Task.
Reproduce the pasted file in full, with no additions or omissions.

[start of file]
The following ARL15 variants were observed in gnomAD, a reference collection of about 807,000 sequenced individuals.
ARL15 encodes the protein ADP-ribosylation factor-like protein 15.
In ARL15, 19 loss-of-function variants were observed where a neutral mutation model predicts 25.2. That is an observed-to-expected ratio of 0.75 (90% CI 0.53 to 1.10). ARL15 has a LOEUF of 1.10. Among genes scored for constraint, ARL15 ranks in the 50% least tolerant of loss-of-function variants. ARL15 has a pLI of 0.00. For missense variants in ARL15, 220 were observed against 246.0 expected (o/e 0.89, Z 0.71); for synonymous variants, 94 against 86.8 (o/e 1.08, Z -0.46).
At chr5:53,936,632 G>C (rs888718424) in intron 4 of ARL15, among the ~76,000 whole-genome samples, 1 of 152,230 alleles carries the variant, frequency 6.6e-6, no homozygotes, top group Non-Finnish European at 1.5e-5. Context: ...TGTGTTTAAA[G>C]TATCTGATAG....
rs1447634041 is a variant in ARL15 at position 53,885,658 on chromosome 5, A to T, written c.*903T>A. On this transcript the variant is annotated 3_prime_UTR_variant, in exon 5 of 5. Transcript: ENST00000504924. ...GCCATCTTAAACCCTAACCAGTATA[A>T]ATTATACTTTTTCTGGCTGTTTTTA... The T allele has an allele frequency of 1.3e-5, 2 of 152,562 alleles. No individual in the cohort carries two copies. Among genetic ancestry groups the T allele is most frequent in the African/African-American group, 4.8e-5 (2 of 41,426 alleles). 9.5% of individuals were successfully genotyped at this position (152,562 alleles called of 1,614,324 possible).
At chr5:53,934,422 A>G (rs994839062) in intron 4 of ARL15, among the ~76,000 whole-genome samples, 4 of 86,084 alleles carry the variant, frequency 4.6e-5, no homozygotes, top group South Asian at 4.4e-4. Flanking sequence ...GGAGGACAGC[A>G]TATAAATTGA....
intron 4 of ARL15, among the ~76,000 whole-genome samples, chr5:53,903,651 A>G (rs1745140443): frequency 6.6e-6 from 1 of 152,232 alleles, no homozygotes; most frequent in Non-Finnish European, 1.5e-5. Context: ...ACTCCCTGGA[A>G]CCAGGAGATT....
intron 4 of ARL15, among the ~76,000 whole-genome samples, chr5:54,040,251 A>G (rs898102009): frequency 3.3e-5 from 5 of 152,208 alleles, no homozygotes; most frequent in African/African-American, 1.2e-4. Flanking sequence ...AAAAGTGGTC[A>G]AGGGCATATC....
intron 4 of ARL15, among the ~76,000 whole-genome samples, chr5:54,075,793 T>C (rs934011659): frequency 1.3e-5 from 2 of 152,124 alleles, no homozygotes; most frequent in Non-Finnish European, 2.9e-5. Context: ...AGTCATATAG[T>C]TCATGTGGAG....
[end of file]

The following ARL15 variants were observed in gnomAD, a reference collection of about 807,000 sequenced individuals.
ARL15 encodes the protein ADP-ribosylation factor-like protein 15.
In ARL15, 19 loss-of-function variants were observed where a neutral mutation model predicts 25.2. That is an observed-to-expected ratio of 0.75 (90% CI 0.53 to 1.10). ARL15 has a LOEUF of 1.10. Among genes scored for constraint, ARL15 ranks in the 50% least tolerant of loss-of-function variants. ARL15 has a pLI of 0.00. For missense variants in ARL15, 220 were observed against 246.0 expected (o/e 0.89, Z 0.71); for synonymous variants, 94 against 86.8 (o/e 1.08, Z -0.46).
At chr5:53,936,632 G>C (rs888718424) in intron 4 of ARL15, among the ~76,000 whole-genome samples, 1 of 152,230 alleles carries the variant, frequency 6.6e-6, no homozygotes, top group Non-Finnish European at 1.5e-5. Context: ...TGTGTTTAAA[G>C]TATCTGATAG....
rs1447634041 is a variant in ARL15 at position 53,885,658 on chromosome 5, A to T, written c.*903T>A. On this transcript the variant is annotated 3_prime_UTR_variant, in exon 5 of 5. Transcript: ENST00000504924. ...GCCATCTTAAACCCTAACCAGTATA[A>T]ATTATACTTTTTCTGGCTGTTTTTA... The T allele has an allele frequency of 1.3e-5, 2 of 152,562 alleles. No individual in the cohort carries two copies. Among genetic ancestry groups the T allele is most frequent in the African/African-American group, 4.8e-5 (2 of 41,426 alleles). 9.5% of individuals were successfully genotyped at this position (152,562 alleles called of 1,614,324 possible).
At chr5:53,934,422 A>G (rs994839062) in intron 4 of ARL15, among the ~76,000 whole-genome samples, 4 of 86,084 alleles carry the variant, frequency 4.6e-5, no homozygotes, top group South Asian at 4.4e-4. Flanking sequence ...GGAGGACAGC[A>G]TATAAATTGA....
intron 4 of ARL15, among the ~76,000 whole-genome samples, chr5:53,903,651 A>G (rs1745140443): frequency 6.6e-6 from 1 of 152,232 alleles, no homozygotes; most frequent in Non-Finnish European, 1.5e-5. Context: ...ACTCCCTGGA[A>G]CCAGGAGATT....
intron 4 of ARL15, among the ~76,000 whole-genome samples, chr5:54,040,251 A>G (rs898102009): frequency 3.3e-5 from 5 of 152,208 alleles, no homozygotes; most frequent in African/African-American, 1.2e-4. Flanking sequence ...AAAAGTGGTC[A>G]AGGGCATATC....
intron 4 of ARL15, among the ~76,000 whole-genome samples, chr5:54,075,793 T>C (rs934011659): frequency 1.3e-5 from 2 of 152,124 alleles, no homozygotes; most frequent in Non-Finnish European, 2.9e-5. Context: ...AGTCATATAG[T>C]TCATGTGGAG....